Half a croissant, on a plate, with a sign in front of it saying '50c'
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Paperclips for the wealthy II

Send paperwork and attach value to it
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In many circumstances transferring gold between certain entities would be illegal under money laundering and other anti-corruption laws. But there is no law about how documents are to be transferred. If my lawyer were to send a questionnaire to a witness, and he happened to only have on hand these one ounce, 24 carat paperclips there's no law against him using them. Even more than one if there were multiple bundles of paper.
Voice, Mar 17 2020

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       //illegal under money laundering and other anti-corruption laws//   

       My guess is that the laws are framed so as to also cover this kind of "accidental" transfer of funds.
pocmloc, Mar 17 2020
  

       Wouldn't it be easier to build a Rolls Royce (a Phantom III for preference) out of gold and have it shipped somewhere?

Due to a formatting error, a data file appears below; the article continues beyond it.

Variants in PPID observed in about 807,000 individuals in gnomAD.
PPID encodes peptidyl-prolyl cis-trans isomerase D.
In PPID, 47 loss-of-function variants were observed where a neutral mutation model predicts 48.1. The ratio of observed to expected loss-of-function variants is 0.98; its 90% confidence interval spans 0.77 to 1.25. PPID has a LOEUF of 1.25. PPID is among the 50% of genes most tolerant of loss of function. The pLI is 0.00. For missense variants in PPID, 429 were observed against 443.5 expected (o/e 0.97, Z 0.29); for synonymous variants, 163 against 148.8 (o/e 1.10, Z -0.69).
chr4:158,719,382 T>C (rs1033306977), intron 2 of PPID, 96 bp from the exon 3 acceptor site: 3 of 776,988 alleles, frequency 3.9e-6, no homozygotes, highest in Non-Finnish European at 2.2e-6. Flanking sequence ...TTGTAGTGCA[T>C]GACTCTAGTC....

One shipment instead of lots of one ounce paperclips.
Chairborne Hero, Mar 17 2020
  

       Which problem are trying to solve here?   

       (a) how not to get caught, or   

       (b) how not to get convicted if caught?   

       It might be modestly effective for (a), but not at all effective for (b).   

       The relevant U.S. law would include the Foreign Corrupt Practices Act (which can be applied to actions committed outside U.S. jurisdiction, so you can ignore it only if you do no business and have no assets in the U.S.). See also the U.K. Bribery Act of 2010.
pertinax, Mar 18 2020
  

       24-ct Gold might be too ductile for paperclip use
hippo, Mar 18 2020
  

       ha, a gold-nitinol wire paper clip that when heated forms a cute little gold (nitinol infused) ingot.
wjt, Mar 19 2020
  
      
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